Participants were asked to report on a total of 13 symptoms associated with ARI. To determine whether there was any overall effect on symptoms, we performed an area-under-the-curve (AUC) analysis of total weekly symptom scores for all participants, independent of whether they met the criteria for an ARI. A mean AUC value of 62·56 ± 6·75 was observed for the placebo group and 57·29 ± 6·65 for the interferon group, indicating no significant difference between the treatment groups (P = 0·579). The incidence and severity of the individual symptoms were also analysed. No significant difference was seen in the overall incidence of any of the 13 symptoms reported by the two treatment groups.
For moderate or severe symptoms only, feverishness was significantly reduced from an incidence proportion of 23·3 ± 4·4% of participants in the placebo group to only 11·7 ± 3·4% in the IFN group (P = 0·036). This reduction in reporting of feverishness was observed across all sex, age and vaccination status subgroups. No significant difference was observed in the reporting of moderate-to-severe symptoms in the other 12 variables measured. However, statistically non-significant trends in reduction were observed for two other symptoms: head congestion (reduced from 32·7 ± 5·0% to 20·5 ± 4·4%, P = 0·053) and sore throat (reduced from 35·9 ± 5·1% to 23·5 ± 4·6%, P = 0·056) in the IFN group. These reductions were only observed in those aged 50 years and above, in males and in those vaccinated against the seasonal influenza vaccine.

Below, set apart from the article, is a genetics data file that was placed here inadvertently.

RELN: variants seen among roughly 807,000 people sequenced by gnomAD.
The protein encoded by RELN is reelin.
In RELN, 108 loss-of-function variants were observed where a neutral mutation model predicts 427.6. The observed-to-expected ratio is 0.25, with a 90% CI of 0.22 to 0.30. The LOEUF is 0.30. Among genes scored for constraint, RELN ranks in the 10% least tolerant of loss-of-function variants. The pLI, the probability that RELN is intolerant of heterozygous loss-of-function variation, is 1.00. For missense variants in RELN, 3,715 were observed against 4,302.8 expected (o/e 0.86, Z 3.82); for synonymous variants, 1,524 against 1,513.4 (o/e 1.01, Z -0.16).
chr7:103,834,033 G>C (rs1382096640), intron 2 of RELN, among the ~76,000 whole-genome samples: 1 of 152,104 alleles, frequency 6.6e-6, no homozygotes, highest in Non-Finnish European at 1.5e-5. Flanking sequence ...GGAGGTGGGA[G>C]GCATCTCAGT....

Sex, age, seasonal influenza vaccination status and treatment group interactions were included in all regression models to correct for multiple comparisons.
Secondary outcomes for the study were categorized into three groups: negative impacts due to colds and flu, serology and adverse events.
Interferon prophylaxis had no impact on the number of days participants reported missing work, taking cold or flu medication, number of medical practitioner visits, pharmacy visits, days spent feeling sick or number of days a planned activity was skipped due to cold or influenza symptoms (Table 2).
|Mean number of days|
|Felt sick||6·2 ± 8·4||5·9 ± 8·2||0·78|
|Absent from work||1·1 ± 2·0||1·1 ± 2·4||0·75|
|Visited a medical practitioner||0·29 ± 0·8||0·27 ± 0·77||0·96|
|Visited a pharmacy||0·79 ± 2·0||0·87 ± 1·9||0·52|
|Took medication||6·1 ± 9·9||5·3 ± 7·6||0·57|
|Skipped a planned activity||1·7 ± 2·8||2·4 ± 4·4||0·69|
Analysis of pre-trial samples showed 124 participants to have evidence of pre-existing infection with one or more respiratory viruses: 70 in the placebo group and 54 in the IFN group. A total of 236 past infections were identified, including 148 influenza virus types and subtypes and 88 other respiratory viruses. Of these, 63 influenza (mean 0·64 per participant) and 43 other viruses (mean 0·44 per participant) occurred in the IFN group (mean 1·07 per participant), and 85 influenza (mean 0·86 per participant) and 45 other viruses (mean 0·45 per participant) occurred in the placebo group (mean 1·31 per participant).